Discovering Linear Equations in Explicit Tables

Author: Lauren Burton
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When teaching algebra concepts to middle school students, I often hear questions that echo my own past confusion as a young student learning to write linear equations using data tables that show only input and output values. Students, expected to synthesize the relationship between these values in symbolic representation, grow frustrated when they do not recognize that implicit relationship quickly. “All students, regardless of prior knowledge and experiences, can explore pattern tasks” (Smith 2007). The structure of a four-column explicit table allows students of all abilities (from low achieving to honor students) to understand the relationship between the values found in linear equation tables. After implementing four-column tables, I found that students required less instructional interference from me, they developed self-efficacy, understood and retained the material, and attained higher year-end test scores.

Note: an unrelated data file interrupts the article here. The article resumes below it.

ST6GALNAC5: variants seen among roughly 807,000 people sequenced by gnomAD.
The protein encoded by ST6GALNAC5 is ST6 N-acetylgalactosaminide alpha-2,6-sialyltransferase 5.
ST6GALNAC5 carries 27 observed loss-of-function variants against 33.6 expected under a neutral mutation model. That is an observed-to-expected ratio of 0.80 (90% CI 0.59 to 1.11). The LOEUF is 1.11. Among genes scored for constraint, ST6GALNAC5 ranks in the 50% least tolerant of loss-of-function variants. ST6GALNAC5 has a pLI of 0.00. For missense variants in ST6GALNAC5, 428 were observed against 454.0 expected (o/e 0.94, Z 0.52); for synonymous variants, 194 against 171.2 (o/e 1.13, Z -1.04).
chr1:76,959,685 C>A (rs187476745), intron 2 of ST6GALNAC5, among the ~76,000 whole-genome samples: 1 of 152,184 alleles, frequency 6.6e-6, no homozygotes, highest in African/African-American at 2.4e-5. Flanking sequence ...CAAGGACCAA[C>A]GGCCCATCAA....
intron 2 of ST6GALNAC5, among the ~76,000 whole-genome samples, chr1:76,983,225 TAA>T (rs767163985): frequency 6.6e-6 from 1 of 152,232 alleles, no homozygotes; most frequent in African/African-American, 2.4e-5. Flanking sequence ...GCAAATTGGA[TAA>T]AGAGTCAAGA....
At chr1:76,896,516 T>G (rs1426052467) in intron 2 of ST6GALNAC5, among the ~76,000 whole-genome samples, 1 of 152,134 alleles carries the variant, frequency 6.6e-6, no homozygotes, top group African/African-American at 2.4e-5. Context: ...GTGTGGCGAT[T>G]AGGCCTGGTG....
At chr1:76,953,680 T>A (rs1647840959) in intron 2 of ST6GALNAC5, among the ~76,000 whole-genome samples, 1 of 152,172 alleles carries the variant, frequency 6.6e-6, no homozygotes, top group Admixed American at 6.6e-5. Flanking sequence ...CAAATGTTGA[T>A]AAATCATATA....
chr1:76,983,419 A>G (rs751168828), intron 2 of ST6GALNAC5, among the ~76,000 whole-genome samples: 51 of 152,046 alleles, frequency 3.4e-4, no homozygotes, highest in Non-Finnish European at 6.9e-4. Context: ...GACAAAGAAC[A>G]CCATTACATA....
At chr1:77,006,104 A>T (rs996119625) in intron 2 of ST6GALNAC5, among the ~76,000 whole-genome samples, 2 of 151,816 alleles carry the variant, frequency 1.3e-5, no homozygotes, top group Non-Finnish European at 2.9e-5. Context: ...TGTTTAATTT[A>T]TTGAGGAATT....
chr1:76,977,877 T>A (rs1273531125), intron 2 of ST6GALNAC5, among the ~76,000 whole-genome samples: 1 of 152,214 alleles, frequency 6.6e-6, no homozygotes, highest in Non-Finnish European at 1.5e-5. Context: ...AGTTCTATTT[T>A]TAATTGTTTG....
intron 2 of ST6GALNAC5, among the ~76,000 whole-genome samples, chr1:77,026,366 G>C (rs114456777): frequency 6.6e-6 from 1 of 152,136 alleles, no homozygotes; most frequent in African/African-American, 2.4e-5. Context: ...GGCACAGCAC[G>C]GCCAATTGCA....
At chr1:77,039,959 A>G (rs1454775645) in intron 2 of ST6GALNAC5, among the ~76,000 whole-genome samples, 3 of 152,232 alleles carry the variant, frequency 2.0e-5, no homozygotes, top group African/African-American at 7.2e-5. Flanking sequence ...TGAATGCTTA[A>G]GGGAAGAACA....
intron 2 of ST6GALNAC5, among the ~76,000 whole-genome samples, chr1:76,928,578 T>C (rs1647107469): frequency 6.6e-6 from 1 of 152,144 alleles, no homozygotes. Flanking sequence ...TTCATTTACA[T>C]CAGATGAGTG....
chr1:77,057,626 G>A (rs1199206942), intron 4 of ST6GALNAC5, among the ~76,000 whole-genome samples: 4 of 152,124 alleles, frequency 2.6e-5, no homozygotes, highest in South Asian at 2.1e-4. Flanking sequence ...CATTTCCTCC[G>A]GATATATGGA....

Contributor Notes

Lauren Burton,, is completing her doctoral studies in the Teaching, Education, and Learning Mathematics Education program at Utah State University in Logan. She is currently teaching ninth grade at Vista Heights Middle School in Saratoga Springs, Utah, and enjoys helping her students unpack the complexities of the math core through making connections.

(Corresponding author is Burton
Mathematics Teaching in the Middle School


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